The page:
A classic of Hungarian literature, this novel tells the story of a peasant Don Juan and leader of a village who, torn between the torpid bliss of his home life and a seething quest for prosperity, follows his urge to break the bonds of his low social status.
P ublished as Sárarany in 1910, Gold in the Mud was written by Zsigmond Móricz (1879–1942), one of Hungary’s foremost novelists, whose literary career extended from the turn of the twentieth century to the Second World War. Móricz was the first Hungarian author of note to have been born and raised among the peasantry. His father, Bálint Móricz, was descended from impoverished peasants and farmed a small parcel of land in eastern Hungary, in the village of Tiszacsécse, then numbering all of 300 souls. One can still visit the house he built for his family there when Zsigmond was a youth, the “Móricz Zsigmond Emlékház.”
Zsigmond was the first of nine children, eight boys and one girl, two of whom died in infancy. His family was well acquainted with the poverty he often depicted in his narratives. But this did not prevent his parents from nurturing cultural ambitions in young Zsigmond, whose mother, Erzsébet Pallagi, was a Reformed pastor’s daughter and presumably descended from ancient Hungarian nobility, a claim that son Miklós Móricz, also a writer, later proved false. The author’s father went to great lengths to secure an education for his first-born son, and Zsigmond began his studies at the Debreceni Református Kollégium in 1890. After trying a variety of career directions including law and theology, Móricz eventually took up journalism, moving to Budapest in 1900. He devoted energy to the study of Hungarian folk culture, which he prized, while at the same time entering the urbane cultural world of Hungary’s capital and acquainting himself with important authors of the time, including several who have gone down in the annals of Hungarian literary history: Dezső Kosztolányi, Mihály Babits, Kálmán Mikszáth, and the revolutionary poet Endre Ady, with whom Móricz forged an influential friendship in 1909.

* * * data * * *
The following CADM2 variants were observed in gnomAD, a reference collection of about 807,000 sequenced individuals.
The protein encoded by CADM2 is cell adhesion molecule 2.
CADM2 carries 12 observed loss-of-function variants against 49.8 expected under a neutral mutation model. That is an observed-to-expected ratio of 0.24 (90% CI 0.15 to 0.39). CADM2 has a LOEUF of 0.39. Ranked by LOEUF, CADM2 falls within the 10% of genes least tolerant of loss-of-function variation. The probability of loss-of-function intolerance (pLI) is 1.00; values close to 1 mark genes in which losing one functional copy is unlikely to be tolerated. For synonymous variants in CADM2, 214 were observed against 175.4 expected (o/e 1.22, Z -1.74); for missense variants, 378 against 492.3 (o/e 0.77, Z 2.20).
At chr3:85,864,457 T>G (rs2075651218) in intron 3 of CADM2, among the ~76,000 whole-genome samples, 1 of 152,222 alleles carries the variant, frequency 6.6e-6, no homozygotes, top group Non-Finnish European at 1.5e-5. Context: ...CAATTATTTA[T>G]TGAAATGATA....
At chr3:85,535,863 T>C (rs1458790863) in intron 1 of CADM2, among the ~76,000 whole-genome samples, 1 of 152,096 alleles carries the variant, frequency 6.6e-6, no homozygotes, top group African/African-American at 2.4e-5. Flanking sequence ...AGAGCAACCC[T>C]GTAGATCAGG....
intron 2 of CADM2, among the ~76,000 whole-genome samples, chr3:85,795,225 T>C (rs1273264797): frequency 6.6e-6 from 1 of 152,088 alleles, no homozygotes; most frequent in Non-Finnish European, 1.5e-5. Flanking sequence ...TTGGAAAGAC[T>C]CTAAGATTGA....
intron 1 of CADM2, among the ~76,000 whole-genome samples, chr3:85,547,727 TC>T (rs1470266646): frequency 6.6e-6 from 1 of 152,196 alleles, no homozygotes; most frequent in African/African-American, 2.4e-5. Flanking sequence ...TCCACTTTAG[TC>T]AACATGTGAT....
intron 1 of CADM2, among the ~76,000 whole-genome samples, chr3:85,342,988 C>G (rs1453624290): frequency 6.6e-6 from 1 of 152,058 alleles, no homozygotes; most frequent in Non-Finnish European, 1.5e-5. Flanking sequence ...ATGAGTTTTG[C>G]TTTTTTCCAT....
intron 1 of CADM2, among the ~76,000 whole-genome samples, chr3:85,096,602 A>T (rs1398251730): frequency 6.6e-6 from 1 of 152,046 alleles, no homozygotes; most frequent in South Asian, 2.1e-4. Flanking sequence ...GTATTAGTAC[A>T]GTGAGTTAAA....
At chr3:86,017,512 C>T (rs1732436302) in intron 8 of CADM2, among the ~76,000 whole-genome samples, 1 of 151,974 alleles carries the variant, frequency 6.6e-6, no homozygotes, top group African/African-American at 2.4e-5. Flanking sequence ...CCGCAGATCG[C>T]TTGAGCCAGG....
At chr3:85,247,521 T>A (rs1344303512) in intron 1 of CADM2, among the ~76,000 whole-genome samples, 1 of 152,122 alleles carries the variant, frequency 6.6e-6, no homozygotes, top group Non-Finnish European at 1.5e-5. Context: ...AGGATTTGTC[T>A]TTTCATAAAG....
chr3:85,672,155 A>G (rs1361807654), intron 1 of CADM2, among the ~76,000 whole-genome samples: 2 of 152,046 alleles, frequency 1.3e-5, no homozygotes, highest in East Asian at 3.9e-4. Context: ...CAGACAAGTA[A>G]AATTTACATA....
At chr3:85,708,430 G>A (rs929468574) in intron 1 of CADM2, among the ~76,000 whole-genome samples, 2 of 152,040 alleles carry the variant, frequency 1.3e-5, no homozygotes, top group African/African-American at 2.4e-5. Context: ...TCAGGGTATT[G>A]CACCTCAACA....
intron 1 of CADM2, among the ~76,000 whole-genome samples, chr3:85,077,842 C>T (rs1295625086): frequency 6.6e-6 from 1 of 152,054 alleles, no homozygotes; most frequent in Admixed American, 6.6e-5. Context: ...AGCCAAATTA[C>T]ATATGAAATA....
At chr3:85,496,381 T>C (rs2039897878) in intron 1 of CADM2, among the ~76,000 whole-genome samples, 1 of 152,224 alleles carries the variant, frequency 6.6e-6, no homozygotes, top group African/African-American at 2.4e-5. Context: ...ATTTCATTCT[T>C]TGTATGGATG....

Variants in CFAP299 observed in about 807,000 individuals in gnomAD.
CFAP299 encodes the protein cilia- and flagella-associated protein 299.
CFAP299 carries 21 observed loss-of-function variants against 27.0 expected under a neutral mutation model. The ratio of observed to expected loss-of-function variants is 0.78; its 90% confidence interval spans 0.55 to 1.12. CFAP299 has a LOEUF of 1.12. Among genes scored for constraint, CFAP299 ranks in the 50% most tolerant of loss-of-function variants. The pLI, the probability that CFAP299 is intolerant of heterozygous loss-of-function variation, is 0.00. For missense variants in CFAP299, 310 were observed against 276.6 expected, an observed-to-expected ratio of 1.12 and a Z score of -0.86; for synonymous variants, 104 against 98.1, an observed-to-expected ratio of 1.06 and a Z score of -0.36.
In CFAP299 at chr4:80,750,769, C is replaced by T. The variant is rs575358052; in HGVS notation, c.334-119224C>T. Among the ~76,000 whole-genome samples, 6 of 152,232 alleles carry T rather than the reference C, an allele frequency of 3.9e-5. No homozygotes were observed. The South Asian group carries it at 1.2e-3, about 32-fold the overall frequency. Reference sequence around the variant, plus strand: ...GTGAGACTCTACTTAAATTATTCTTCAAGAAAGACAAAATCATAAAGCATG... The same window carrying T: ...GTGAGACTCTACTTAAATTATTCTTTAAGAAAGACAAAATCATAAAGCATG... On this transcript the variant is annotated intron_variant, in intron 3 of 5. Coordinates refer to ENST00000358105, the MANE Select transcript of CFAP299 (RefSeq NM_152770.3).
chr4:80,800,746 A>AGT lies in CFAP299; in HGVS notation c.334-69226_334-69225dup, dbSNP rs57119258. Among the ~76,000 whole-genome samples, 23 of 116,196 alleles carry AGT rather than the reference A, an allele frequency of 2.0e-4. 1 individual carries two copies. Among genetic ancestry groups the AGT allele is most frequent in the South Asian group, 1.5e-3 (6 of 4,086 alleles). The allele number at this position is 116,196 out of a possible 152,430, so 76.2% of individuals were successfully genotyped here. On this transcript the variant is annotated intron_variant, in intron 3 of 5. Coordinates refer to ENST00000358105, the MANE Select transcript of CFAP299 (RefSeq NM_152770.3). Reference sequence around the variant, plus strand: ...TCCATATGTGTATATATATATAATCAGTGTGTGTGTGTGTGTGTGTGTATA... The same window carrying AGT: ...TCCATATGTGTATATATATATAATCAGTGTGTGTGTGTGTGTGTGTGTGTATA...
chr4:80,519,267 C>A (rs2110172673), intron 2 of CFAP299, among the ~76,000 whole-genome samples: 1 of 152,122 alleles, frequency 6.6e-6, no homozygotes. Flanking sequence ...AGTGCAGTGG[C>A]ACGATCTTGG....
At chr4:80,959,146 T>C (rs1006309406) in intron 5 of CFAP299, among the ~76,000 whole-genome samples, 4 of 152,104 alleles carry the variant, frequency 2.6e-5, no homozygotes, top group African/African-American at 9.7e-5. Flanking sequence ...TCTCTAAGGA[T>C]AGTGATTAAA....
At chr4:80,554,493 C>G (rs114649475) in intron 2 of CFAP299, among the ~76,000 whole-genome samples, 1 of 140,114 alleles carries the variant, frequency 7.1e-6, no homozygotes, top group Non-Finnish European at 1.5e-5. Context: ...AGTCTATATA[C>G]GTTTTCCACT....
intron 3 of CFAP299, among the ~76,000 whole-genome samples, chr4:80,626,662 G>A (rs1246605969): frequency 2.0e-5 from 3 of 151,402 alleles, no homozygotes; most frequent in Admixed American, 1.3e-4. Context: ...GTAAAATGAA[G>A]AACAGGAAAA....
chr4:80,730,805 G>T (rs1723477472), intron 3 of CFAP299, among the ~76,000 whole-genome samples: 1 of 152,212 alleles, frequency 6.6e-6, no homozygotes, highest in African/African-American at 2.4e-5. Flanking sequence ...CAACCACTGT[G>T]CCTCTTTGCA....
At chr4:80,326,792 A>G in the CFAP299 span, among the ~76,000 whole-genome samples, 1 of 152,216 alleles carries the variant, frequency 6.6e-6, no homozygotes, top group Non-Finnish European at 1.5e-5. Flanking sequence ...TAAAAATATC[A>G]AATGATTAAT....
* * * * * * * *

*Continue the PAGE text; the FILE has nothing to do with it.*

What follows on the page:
Naturalism and Realism, literary trends that were already fading in western Europe, gained in importance in countries such as Hungary, Romania, and Poland during the era dominated by the experience of the First World War and the halting rise of capitalism in these traditionally agrarian societies. Móricz’s experiences as a reporter at the front during the Great War, and as a witness to the sometimes promising, but more often disappointing political upheavals that took place in the wake of the conflict, strengthened his commitment to recording the plight of his nation’s poorest classes in his writings. His early fame was founded on the novella “Seven Pennies” (“Hét krajcár”) published in 1908 in Nyugat (“West”), a journal of such significance for Hungarian literature that an entire era is named for it, extending from 1908 when the first issues appeared, and lasting until the time of Móricz’s death in 1942. The poignant portrayal of the value a mere seven pennies can have for an impoverished family sealed Móricz’s reputation as an author with an unprecedented ability to lay bare the suffering of society’s most neglected members.
Móricz’s career as an author, grounded in ten years’ work as a journalist, had begun. Tragically, only a fraction of his novels have been translated into English: The Torch (A fáklya, 1917), Be Faithful unto Death (Légy jó mindhalálig, 1920), Very Merry (Úri muri, 1928), and Relations (Rokonok, 1932), along with the story collection Seven Pennies (Hét krajcár, 1909). His works have fared better in other languages, especially French and German, but nonetheless the lack of availability of his novels in English translation has caused prominent historians of Hungary to lament the loss to English-speaking readers. In his article “How Modern Was Zsigmond Móricz,” Péter Nagy points out the following: “In [Móricz’s] own life-time, two modern spokesmen of the peasant world, Władysław Reymont and Frans Sillanpää, were awarded the Nobel Prize. His life-work is of no lesser importance than theirs, he is their equal in the beauty he created.” Of all the novels Móricz wrote that have yet to be translated into English, his first: Sárarany, or “Gold in the Mud,” is perhaps most deserving of the international readership it has lacked until now.